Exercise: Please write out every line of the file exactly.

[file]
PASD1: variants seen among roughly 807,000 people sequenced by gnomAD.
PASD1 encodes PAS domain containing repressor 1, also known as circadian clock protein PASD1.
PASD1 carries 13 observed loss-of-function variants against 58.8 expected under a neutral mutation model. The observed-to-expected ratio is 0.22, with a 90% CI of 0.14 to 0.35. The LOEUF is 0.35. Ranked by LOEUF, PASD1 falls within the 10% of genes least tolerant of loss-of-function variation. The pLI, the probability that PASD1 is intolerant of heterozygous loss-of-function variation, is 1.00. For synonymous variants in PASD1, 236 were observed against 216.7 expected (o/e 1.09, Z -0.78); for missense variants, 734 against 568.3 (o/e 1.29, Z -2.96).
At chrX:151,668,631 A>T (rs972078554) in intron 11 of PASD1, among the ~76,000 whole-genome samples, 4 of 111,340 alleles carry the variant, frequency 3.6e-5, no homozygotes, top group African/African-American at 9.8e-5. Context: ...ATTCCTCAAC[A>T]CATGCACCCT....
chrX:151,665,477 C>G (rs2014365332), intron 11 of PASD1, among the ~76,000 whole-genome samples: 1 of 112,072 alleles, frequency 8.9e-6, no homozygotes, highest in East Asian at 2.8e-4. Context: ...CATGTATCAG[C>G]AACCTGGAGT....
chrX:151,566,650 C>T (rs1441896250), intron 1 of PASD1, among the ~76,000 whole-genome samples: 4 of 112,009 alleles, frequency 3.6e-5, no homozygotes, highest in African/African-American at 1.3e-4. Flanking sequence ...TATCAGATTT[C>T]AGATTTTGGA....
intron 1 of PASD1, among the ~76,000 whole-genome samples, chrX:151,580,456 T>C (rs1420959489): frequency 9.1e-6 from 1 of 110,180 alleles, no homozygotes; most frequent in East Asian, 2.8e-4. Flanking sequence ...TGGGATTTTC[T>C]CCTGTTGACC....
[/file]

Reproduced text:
PASD1: variants seen among roughly 807,000 people sequenced by gnomAD.
PASD1 encodes PAS domain containing repressor 1, also known as circadian clock protein PASD1.
PASD1 carries 13 observed loss-of-function variants against 58.8 expected under a neutral mutation model. The observed-to-expected ratio is 0.22, with a 90% CI of 0.14 to 0.35. The LOEUF is 0.35. Ranked by LOEUF, PASD1 falls within the 10% of genes least tolerant of loss-of-function variation. The pLI, the probability that PASD1 is intolerant of heterozygous loss-of-function variation, is 1.00. For synonymous variants in PASD1, 236 were observed against 216.7 expected (o/e 1.09, Z -0.78); for missense variants, 734 against 568.3 (o/e 1.29, Z -2.96).
At chrX:151,668,631 A>T (rs972078554) in intron 11 of PASD1, among the ~76,000 whole-genome samples, 4 of 111,340 alleles carry the variant, frequency 3.6e-5, no homozygotes, top group African/African-American at 9.8e-5. Context: ...ATTCCTCAAC[A>T]CATGCACCCT....
chrX:151,665,477 C>G (rs2014365332), intron 11 of PASD1, among the ~76,000 whole-genome samples: 1 of 112,072 alleles, frequency 8.9e-6, no homozygotes, highest in East Asian at 2.8e-4. Context: ...CATGTATCAG[C>G]AACCTGGAGT....
chrX:151,566,650 C>T (rs1441896250), intron 1 of PASD1, among the ~76,000 whole-genome samples: 4 of 112,009 alleles, frequency 3.6e-5, no homozygotes, highest in African/African-American at 1.3e-4. Flanking sequence ...TATCAGATTT[C>T]AGATTTTGGA....
intron 1 of PASD1, among the ~76,000 whole-genome samples, chrX:151,580,456 T>C (rs1420959489): frequency 9.1e-6 from 1 of 110,180 alleles, no homozygotes; most frequent in East Asian, 2.8e-4. Flanking sequence ...TGGGATTTTC[T>C]CCTGTTGACC....